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Legend of the Dreamcatchers
I was doing some reading about Dreamcatchers
and found some really nice stories that I thought I'd share
LEGEND OF THE DREAMCATCHER
Long ago when the world was young, an old Lakota spiritual leader
was on a high mountain and had a vision.
In his vision, Iktomi, the great
trickster and teacher of wisdom, appeared in the form of a spider.
Iktomi spoke to him in a sacred language that only the spiritual
leaders of the Lakota could understand.
As he spoke Iktomi, the spider, took
the elders willow hoop which had feathers, horse hairs, beads
and offerings on it and began to spin a web.
He spoke to the elder about the cycles
of life....how we begin our lives as infants and we move on
to childhood, and then to adulthood. Finally, we go to old age
where we must be taken care of as infants, completing the cycle.
Iktomi said, "In each time
of life there are many forces and different directions that
can help or interfere with the harmony of nature, and also with
the great spirit and all of his wonderful teachings."
Iktomi gave the web to the Lakota
elder and said, "See, the web is a perfect circle but there
is a hole in the center of the circle. If you believe in the
great spirit, the web will catch your good dreams and ideas
- - and the bad ones will go through the hole.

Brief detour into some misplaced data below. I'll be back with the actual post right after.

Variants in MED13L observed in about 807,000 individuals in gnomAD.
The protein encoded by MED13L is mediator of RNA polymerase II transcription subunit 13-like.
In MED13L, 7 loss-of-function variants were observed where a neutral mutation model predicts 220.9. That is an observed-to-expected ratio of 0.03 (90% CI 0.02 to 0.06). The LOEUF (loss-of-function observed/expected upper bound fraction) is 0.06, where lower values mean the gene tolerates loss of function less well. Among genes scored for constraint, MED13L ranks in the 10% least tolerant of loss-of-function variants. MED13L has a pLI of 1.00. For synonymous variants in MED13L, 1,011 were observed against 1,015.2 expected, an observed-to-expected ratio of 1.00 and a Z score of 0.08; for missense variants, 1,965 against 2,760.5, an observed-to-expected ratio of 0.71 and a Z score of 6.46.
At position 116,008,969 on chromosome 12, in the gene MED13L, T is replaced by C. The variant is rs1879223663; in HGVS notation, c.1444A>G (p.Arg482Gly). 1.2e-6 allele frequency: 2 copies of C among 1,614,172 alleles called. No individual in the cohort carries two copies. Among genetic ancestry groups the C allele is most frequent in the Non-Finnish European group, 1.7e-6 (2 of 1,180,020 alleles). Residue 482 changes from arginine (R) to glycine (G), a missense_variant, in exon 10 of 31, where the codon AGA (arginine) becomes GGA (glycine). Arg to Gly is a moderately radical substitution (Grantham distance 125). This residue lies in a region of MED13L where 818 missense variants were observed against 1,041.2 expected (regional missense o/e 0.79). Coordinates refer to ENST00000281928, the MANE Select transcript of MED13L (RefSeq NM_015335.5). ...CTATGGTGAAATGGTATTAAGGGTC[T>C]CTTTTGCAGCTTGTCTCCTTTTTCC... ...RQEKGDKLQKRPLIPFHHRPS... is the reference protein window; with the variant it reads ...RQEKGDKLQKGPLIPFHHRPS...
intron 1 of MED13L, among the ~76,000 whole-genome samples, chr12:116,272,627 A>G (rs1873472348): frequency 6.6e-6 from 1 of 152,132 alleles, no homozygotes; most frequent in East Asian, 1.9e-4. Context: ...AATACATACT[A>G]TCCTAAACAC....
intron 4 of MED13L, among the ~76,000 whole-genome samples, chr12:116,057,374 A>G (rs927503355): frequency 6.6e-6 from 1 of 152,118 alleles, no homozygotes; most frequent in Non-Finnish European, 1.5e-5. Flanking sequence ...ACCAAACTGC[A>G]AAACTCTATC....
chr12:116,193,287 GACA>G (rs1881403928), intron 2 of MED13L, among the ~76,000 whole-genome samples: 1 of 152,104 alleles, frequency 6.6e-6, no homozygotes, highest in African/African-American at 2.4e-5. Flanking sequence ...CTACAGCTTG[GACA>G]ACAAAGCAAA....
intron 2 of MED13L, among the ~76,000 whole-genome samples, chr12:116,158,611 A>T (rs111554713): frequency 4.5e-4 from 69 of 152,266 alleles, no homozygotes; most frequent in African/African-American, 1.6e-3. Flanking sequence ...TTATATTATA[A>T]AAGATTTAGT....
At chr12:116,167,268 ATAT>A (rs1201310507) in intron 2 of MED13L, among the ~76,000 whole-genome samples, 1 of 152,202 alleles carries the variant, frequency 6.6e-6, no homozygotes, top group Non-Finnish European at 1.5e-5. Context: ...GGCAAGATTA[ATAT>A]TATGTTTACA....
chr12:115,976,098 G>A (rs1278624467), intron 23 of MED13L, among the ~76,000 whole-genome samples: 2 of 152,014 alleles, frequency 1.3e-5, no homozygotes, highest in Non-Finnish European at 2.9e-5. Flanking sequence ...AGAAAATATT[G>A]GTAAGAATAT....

Use the web to help yourself and
your people to reach your goals and make good use of your people's
ideas, dreams and visions." The Lakota elder passed on
his vision to his people and now the Lakota's use the dreamcatcher
as the web of their life. It is hung above their beds or in
their home to sift their dreams and visions. The good of their
dreams is captured in the web of life and carried with them...but
the evil in their dreams escapes through the center hole, and
are no longer part of them.
* "A spider was quietly spinning
his web in his own space. It was beside the sleeping space of
Nokomis, the grandmother.
Each day, Nokomis watched the spider
at work, quietly spinning away.
One day as she was watching him,
her grandson came in. "Nokomis-iya!" he shouted, glancing
at the spider.
He stomped over to the spider, picked
up a shoe and went to hit it.
"No-keegwa," the old lady
whispered, "don't hurt him."
"Nokomis, why do you protect
the spider?" asked the little boy.
The old lady smiled, but did not
When the boy left, the spider went
to the old woman and thanked her for saving his life.
He said to her, "For many days
you have watched me spin and weave my web. You have admired
my work. In return for saving my life, I will give you a gift."
He smiled his special spider smile
and moved away, spinning as he went. Soon the moon glistened
on a magical silvery web moving gently in the window. "See
how I spin?" he said. "See and
learn, for each web will snare bad dreams. Only good dreams
will go through the small hole.
This is my gift to you. Use it so
that only good dreams will be remembered. The bad dreams will
become hopelessly entangled in the web."
* An ancient Chippewa tradition
The dream net has been made For many
Where spirit dreams have played.
Hung above the cradle board,
Or in the lodge up high,
The dream net catches bad dreams,
While good dreams slip on by.
Bad dreams become entangled
Among the sinew thread.
Good dreams slip through the center hole,
While you dream upon your bed.
This is an ancient legend,
Since dreams will never cease,
Hang this dream net above your bed,
Dream on, and be at peace
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